History Of Laptops - GoTechTalk

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Sunday, July 22, 2018

History Of Laptops


At one time a full-fledged computer that could fit into a single room was viewed as a pipe dream but a similar concept to the contemporary laptop was envisioned all the way back in 1968 by computer scientist Alan Kay when he conceived of the Dynabook a gadget that bore a passing resemblance to a modern eReader but was perhaps surprisingly intended as an educational tool for kids, now the Dynabook was never manufactured but portable computing didn't take long to become a reality arguably the first ever portable computer for the general public the IBM 5100 hit the market in 1975 and yes this is an actual photo of the 5100, it essentially looked like an entire old-school desktop computer except with a tiny 5-inch display capable of displaying a whopping 1,024 characters.

At 24 kilograms it wasn't exactly a backpack friendly though to its credit it did come with a carrying case but it was hailed as an engineering marvel at the time because packing all those components into one somewhat portable box hadn't been done before and it priced only $9,000 then which is equivalent to about $41,000 today, subsequent portables the term laptop would be coined later continued tiny CRT and a heavy case trend at its launch in 1981 the Osborn one weighed twenty-four and a half pounds and cost a much more reasonable $1,800 so then it wasn't until 1983 that we saw the first laptop that somewhat resembled what we're used to today.

The 8,000 Grid Compass which featured a flat electroluminescent display instead of a CRT helping to reduce the weight to less than 11 pounds, at the time it's 320 by 240 pixel display was praised for being nice and sharp and it even came with 384 kilobytes of bubble memory an early form of solid-state storage fun fact it's rumored that the grid compass served as part of the US president's nuclear football at some point, but continent destroying capabilities aside the compass had a huge weakness in that it wasn't compatible with the widely used IBM PC though it didn't take too long for laptop manufacturers to catch on, starting in 1985 with the Kaypro 2000 which came with a surprisingly handsome aluminum shell followed by the IBM PC convertible the next year.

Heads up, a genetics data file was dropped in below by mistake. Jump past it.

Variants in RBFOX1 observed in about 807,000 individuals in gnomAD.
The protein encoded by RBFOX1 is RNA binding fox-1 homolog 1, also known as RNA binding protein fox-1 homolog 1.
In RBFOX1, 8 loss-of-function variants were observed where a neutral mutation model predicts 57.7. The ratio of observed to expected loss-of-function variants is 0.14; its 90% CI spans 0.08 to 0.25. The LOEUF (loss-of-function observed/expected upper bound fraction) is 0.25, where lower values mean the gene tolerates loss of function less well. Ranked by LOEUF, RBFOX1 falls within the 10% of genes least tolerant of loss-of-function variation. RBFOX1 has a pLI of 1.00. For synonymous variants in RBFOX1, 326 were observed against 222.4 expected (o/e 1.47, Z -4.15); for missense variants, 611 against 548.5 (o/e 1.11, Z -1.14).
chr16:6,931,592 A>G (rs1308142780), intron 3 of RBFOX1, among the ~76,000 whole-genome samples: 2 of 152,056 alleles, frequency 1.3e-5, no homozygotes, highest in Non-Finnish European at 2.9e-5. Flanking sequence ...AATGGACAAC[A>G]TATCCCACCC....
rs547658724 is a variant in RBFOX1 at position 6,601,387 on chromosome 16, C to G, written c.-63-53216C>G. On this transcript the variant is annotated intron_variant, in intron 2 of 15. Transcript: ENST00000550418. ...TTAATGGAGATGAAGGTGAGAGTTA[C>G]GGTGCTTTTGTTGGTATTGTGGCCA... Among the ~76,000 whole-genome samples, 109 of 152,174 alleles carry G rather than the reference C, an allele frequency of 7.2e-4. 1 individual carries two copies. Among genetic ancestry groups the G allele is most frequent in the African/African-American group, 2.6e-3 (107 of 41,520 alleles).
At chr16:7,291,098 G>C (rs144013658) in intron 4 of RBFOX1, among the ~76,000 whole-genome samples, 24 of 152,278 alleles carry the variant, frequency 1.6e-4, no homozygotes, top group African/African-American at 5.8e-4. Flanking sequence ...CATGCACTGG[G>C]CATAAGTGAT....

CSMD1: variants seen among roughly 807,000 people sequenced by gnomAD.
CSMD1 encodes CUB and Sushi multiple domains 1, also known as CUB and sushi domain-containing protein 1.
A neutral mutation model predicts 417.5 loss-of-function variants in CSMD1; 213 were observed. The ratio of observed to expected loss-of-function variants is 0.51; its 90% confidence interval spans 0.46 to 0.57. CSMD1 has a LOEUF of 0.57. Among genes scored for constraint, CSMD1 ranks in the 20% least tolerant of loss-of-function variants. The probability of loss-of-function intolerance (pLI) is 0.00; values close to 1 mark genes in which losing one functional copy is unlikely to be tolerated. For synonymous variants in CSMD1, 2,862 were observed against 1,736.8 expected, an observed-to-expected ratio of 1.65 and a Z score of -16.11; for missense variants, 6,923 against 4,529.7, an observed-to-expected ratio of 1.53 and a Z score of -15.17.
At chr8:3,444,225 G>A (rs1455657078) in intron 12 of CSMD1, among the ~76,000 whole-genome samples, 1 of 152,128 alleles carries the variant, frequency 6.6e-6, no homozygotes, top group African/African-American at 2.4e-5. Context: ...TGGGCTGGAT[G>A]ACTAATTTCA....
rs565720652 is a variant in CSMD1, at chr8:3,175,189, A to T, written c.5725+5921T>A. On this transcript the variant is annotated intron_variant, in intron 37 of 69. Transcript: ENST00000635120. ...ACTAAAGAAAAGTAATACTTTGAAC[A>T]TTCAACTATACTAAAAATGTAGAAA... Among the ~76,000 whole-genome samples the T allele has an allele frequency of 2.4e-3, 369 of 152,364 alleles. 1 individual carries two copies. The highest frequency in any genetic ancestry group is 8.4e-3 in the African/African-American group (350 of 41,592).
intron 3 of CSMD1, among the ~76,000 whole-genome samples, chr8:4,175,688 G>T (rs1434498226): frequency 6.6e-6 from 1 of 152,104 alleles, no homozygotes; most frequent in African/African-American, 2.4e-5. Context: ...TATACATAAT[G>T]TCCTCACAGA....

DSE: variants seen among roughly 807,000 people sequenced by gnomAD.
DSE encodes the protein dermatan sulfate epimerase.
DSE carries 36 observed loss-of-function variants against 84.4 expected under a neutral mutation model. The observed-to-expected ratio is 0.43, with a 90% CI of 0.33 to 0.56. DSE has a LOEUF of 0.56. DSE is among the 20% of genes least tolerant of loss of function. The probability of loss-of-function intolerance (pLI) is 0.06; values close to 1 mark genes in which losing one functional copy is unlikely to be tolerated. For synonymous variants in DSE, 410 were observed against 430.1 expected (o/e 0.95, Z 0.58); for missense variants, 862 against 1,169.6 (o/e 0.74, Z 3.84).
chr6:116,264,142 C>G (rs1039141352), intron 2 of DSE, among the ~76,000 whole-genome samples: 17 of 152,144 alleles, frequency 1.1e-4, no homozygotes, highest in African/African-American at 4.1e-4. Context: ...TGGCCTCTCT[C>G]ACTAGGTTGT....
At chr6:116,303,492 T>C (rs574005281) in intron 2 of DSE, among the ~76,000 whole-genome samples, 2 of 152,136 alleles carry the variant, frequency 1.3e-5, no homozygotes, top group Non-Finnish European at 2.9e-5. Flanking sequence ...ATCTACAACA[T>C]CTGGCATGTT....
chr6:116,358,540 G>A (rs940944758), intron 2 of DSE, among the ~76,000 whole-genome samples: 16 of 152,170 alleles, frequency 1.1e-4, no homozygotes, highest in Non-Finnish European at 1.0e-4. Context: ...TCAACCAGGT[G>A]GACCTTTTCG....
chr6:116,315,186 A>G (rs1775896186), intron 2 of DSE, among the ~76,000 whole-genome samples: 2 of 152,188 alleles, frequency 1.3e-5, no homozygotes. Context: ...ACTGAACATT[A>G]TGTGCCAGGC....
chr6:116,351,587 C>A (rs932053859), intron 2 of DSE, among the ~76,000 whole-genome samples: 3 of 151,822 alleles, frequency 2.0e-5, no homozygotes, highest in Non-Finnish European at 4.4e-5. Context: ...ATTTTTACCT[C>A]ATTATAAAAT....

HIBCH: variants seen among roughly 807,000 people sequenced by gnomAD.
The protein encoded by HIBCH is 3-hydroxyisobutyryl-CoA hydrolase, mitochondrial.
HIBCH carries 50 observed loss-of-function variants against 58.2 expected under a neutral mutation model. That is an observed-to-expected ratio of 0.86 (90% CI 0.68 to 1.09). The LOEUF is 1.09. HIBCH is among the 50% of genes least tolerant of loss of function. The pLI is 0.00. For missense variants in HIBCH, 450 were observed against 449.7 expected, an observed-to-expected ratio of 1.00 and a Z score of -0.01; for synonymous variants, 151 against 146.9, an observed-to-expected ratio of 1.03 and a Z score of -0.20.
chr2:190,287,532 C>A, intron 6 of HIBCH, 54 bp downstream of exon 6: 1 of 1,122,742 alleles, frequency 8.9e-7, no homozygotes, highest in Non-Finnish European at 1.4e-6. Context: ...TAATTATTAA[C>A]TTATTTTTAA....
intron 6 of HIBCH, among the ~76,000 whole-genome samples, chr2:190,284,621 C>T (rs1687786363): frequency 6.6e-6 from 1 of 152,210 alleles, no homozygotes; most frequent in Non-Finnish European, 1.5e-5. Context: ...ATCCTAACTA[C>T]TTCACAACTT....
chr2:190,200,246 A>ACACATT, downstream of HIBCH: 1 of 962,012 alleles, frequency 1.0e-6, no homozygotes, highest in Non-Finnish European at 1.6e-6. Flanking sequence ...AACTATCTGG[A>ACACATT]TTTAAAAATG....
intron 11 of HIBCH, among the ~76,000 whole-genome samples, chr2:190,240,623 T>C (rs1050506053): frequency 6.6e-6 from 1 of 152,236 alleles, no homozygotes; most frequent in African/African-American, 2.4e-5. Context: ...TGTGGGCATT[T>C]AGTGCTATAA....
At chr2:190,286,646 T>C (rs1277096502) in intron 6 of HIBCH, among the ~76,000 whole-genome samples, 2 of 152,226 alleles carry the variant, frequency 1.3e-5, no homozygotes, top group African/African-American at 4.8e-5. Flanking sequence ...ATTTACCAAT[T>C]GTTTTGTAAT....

Falling prices and at least passable portability meant that laptops quickly became popular among business users toward the late 1980s and in 1988 the world was introduced to the NEC ultralight weighing just over four pounds boasting a thickness of only 1.4 inches which would actually put it in the same ballpark as some modern machines, indeed the ultralight is often credited with being the first laptop in the world to be called a notebook due to its compact size, however the ultra-light was still criticized for being relatively light on features and we didn't see a major shift in the lightweight laptop industry until Apple rolled out the original PowerBook 100 which included their system 7 graphical OS as well as a built-in trackball another fun fact while it's nearly impossible to find trackballs on laptops today the PowerBook 100 was credited with popularizing the concept of a built-in pointing device and Apple  would continue this leadership when they introduced the first built-in touchpad on a later power book in 1994.


The next year 1995 saw the release of Windows 95 which was a big deal for laptop technology, Windows 95 was able to standardize many elements of laptop design thanks to its ability to talk to the laptops BIOS more directly to handle functions like power management, obviating the need for the wide variety of bios's and drivers that were necessary on older devices making manufacturing simpler and increasing interoperability another feature that's now ubiquitous on laptops built-in Wi-Fi first appeared in 1999 on the Apple iBook which was even more well known for its interesting design, subsequent laptops incrementally added features that we're used to today like HD screens, webcams, solid-state drives and even desktop grade graphics processing and we've gotten some new form factors along the way, such as the briefly popular netbook and underpowered Windows machine with an unusually small keyboard which was introduced in 2007 and the huge salvo of two-in-one touchscreen devices in 2013 when Microsoft rolled out Windows 8 along with that awful metro modern whatever you want to call it Start screen thing, and thanks to smaller more efficient processors laptops have generally become thinner and lighter some are even in the neighborhood of 2 pounds which is less than 125th of the weight of the original IBM 5100.

Alright, guys, that's the end of the blog, thanks for reading the whole way through if you enjoyed this blog please share it with someone who would be interested and leave a comment, Thanks for reading guys.

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